(April 08, 2009) I’ve started a conversation about the nature of Social Recruiting on an Australian Wiki. It’s my contention that using Twitter, Facebook, LinkedIn et all to recruit is not necessarily social recruiting. It’s a desktop variant of Recruitment advertising. It’s an advanced form of sourcing.
That’s not to say that using the amazing new social software communities as your own personal talent fishing pond is wrong. It’s just that there’s little new or interesting about the idea of researching a list and sending opportunities out to it. Calling it ‘social recruiting’ makes it seem like something different is happening.
Of course, the evolution to social recruiting is going to take time and make slow progress. Each wave of technology hits the Recruiting beach-head in much the same way. Once the dust settles, we essentially deliver incremental improvements to the old way of doing things.
Here is the essence of the argument :
The potential to build community as a way of recruiting is not something new. I’ve been writing about it for fifteen years and only wish that the idea was mine. As technology changes the face of recruiting, what happens most often is that recruiters do exactly what they used to do. They just use new tools to do it.
This phenomenon is not unique to the Recruiting world. Our culture is littered with software stuffed with features and capabilities that no one uses.
In Web 0.0, we learned that no one comes just because you build it. What that means in this case is that just because you can build community using social software doesn’t even vaguely mean that that’s what will happen. And, the techniques and values required to build a community have little to do with the technology.
I don’t mean to be cynical here.
Community based Recruiting is a necessary strategy for organizational survival in the 21st Century. But, it requires a whole new way of thinking about the people we have objectified as ‘candidates’, ‘applicants’ and ‘job hunters’. We have to treat them as if they are actually community members. That’s a big commitment.
For a community strategy to work, members need to receive a constant flow of value and be held as a part of the team in some way. Most organizations will view that as a discretionary expense rather than as a necessary investment. Every time you stop investing, you have to start over.
Social recruiting is not cheaper, it’s more effective.
While it might be possible to envisage a world in which the cost of social recruiting is covered by the interactions between community members, that day is a ways off. For now, the rationale for community based recruiting will have to be higher quality and speed. If you are going to call it a community, the members have to get real value from communicating with each other.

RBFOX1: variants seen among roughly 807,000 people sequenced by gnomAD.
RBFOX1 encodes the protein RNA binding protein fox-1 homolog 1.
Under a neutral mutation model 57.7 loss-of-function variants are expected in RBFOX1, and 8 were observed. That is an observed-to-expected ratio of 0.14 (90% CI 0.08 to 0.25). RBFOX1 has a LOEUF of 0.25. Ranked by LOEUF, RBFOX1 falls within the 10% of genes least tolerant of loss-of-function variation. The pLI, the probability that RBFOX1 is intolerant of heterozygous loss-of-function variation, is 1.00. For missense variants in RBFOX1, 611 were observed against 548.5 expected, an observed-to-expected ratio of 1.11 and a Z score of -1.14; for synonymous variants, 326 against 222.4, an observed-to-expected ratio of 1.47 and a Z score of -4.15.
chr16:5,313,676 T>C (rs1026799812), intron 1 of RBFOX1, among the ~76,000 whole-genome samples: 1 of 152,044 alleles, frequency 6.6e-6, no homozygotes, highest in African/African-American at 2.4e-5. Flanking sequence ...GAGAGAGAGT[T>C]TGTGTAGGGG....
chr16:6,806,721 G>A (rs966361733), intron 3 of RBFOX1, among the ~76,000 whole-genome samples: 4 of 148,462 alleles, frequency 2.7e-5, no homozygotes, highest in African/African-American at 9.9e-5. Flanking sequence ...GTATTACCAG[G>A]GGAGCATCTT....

If the communication flow is only one way (recruiter to people) or two-way (back and forth between recruiter and people), it’s not community in any real world sense of the world. When the communication happens between community members then it’s a community. Community means conversation amongst the members.
If you use the word community to describe one-way or two-way conversation, you are setting an expectation that will not be met.
That’s really bad branding.
You can see all comments on this post here. I’d love it if you would join me in that conversation. Do you think that community is an inherent an necessary part of ‘social recruiting’?
This discussion echoes a conversation between Raghav Singh and a couple of well known contributors over at ERE. Singh maintains a perspective similar to mine. The other side of the argument is something along the lines of “a face book recruiting page already is a community. Employers are running communities and don’t even know it.
There are 7 Million employers in the United States. Trying to capture them in broad generalizations doesn’t work very well. Nonetheless, it’s disengenuous to suggest that employers are already engaged in social recruiting. We don’t even have a good definition yet.
I’m leading an Intensive workshop called Recruiting Strategy in a Down Economy: Identifying What’s to Come in the Upturn at the Kennedy Recruiting Conference in Las Vegas on May 19.
John Sumser is the founder, principal author and editor-in-chief of the HRExaminer Online Magazine. John explores the people, technology, ideas and careers of senior leaders in Human Resources and Human Capital. John is the also principal of Two Color Hat where he routinely advises Human Resources, Recruiting Departments and Talent Management teams with product analysis, market segmentation, positioning, strategy and branding guidance.